“Run-on” by Troy Walters / “Forgotten” by Elena Hymes


Elena Hymes


Troy Walters

That cold fall air, nipping at my skin, took me back to days of pumpkin pie steaming on the windowsill. I remember you’d take me out here and we’d just talk and talk, the smoke from your cigars covering your face in a fog of misplaced memory and shooing away the gnats that loved to swarm the porch light. You would tell me the stories of sitting out here with Mom and stories of her stories of her life before I took it away from her the day I was born. You’d always let me sit in moms old rocking chair. I always thought I was taking your comfy chair from you, until that night I stayed up too late and saw you out there, alone, smoke covering your face, wistfully staring at moms chair, hoping she might take a seat and talk to you one last time.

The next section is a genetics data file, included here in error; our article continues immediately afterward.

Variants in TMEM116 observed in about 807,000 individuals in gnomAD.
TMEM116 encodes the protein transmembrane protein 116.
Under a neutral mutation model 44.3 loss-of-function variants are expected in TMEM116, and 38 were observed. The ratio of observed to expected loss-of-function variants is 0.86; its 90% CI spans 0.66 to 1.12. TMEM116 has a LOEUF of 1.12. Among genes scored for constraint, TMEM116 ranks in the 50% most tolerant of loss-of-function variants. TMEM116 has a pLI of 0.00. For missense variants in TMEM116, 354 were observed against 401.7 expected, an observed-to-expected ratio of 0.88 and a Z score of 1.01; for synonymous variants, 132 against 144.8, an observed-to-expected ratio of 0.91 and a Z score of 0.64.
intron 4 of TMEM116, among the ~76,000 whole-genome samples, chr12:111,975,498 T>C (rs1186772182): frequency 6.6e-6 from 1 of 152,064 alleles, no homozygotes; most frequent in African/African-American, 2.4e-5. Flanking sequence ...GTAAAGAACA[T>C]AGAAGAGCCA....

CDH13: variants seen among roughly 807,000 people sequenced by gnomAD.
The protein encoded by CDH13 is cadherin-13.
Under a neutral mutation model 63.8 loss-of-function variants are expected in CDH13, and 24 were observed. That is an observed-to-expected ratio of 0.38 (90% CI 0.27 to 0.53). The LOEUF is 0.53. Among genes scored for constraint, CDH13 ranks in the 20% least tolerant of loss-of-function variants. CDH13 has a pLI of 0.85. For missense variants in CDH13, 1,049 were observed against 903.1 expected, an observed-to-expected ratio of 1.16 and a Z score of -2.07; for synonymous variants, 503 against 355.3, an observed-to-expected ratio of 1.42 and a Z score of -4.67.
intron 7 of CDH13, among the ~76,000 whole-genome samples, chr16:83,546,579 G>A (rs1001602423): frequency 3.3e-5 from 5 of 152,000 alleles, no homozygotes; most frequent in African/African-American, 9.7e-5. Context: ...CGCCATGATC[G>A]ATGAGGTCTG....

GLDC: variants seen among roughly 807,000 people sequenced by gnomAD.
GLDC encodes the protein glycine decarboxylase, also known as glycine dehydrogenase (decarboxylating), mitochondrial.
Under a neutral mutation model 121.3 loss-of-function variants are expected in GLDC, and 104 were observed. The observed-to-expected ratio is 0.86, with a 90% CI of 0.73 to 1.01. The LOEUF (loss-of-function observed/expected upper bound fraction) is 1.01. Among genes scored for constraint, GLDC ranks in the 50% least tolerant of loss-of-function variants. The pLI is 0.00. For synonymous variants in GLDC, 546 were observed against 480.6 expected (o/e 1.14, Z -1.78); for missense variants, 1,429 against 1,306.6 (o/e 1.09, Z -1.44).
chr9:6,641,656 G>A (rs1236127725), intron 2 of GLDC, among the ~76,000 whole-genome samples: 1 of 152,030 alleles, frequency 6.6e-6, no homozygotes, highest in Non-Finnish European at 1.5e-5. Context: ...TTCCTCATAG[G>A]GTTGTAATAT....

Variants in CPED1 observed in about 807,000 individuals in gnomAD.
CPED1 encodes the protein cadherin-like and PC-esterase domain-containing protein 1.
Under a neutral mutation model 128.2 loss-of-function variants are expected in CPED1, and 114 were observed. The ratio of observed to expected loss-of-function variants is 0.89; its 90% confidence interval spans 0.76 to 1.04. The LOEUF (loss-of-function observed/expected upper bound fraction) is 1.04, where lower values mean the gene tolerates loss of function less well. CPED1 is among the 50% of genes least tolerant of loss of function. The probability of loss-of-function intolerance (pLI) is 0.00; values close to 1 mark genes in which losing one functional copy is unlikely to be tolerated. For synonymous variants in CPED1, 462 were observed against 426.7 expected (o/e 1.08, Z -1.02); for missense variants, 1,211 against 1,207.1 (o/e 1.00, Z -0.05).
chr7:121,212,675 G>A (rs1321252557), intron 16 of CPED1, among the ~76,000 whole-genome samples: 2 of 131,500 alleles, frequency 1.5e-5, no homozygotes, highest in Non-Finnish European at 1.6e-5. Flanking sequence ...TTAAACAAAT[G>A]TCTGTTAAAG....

I couldn’t comprehend how you were feeling back then. But now, as I sit, alone, in this rocking chair that creaks every time I move, I can’t help but stare at the empty wooden chair that used to hold my father, so grand, taller than the clouds of smoke that cover the wrinkles I can’t seem to remember the shape of, and I remember the incredible man who taught me everything I know and now rots, rots in that backyard where we would play, rots under the sun we would pitch tents to hide from, rots under that grave marker that i crafted with my own bare hands, rots in my head as the memory of your booming voice fades into nothing.
So I smoke, now, dad, to shoo away the gnats and blanket my eyes so I don’t have to look at the chair that holds you no longer.